"Somebody said that football’s a matter of life and death to you. I said, listen, it's more important than that."
When the legendary Liverpool football manager Bill Shankly came out with his now-famous quote on TV in 1981, he might have been talking about the Algerian and Tunisian fans in this documentary. For many, football really is much more than a game. Some see themselves as not just supporters but part of a wider movement. They say that on the terraces, they find a sense of belonging and a camaraderie otherwise absent from their daily lives and that as supporters they also represent the dispossessed of the poor suburbs of Tunis and Algiers.
Sometimes, however, football passions can have life-changing consequences. In March 2018, 19-year-old Omar Labidi from the southern suburbs of Tunis clashed with police outside a busy stadium. The victim’s brother claims that police used tear gas to force Omar into a nearby river where he drowned. Three years after his death, his family continues to seek justice.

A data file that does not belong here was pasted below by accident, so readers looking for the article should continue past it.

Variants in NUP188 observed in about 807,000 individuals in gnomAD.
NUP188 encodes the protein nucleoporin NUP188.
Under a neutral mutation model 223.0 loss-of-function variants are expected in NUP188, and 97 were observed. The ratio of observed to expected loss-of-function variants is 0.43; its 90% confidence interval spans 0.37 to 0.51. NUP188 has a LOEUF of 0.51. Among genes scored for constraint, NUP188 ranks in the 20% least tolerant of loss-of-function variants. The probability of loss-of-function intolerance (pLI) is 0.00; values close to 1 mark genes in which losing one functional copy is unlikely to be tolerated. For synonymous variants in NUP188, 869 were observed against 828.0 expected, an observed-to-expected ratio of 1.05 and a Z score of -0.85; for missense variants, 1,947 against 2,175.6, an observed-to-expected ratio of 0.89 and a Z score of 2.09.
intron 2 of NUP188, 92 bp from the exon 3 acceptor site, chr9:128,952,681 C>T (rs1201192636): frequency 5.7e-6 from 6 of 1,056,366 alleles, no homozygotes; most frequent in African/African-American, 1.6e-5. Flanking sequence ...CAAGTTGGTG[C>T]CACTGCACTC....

In Algeria, Raouf Zerka has only vague memories of the game that changed his life in November 2016. In the 70th minute of a local derby match in Algiers, a burning flare hit him in the face. After eight days in a coma, he discovered he had lost his left eye.
This film follows Tunisia’s and Algeria’s most passionate fans, buying tickets on the black market, travelling vast distances to away matches, and doing whatever it takes to support the teams they love. But it also highlights the price of football passion and asks if the cost of extreme fandoms is worth the risk.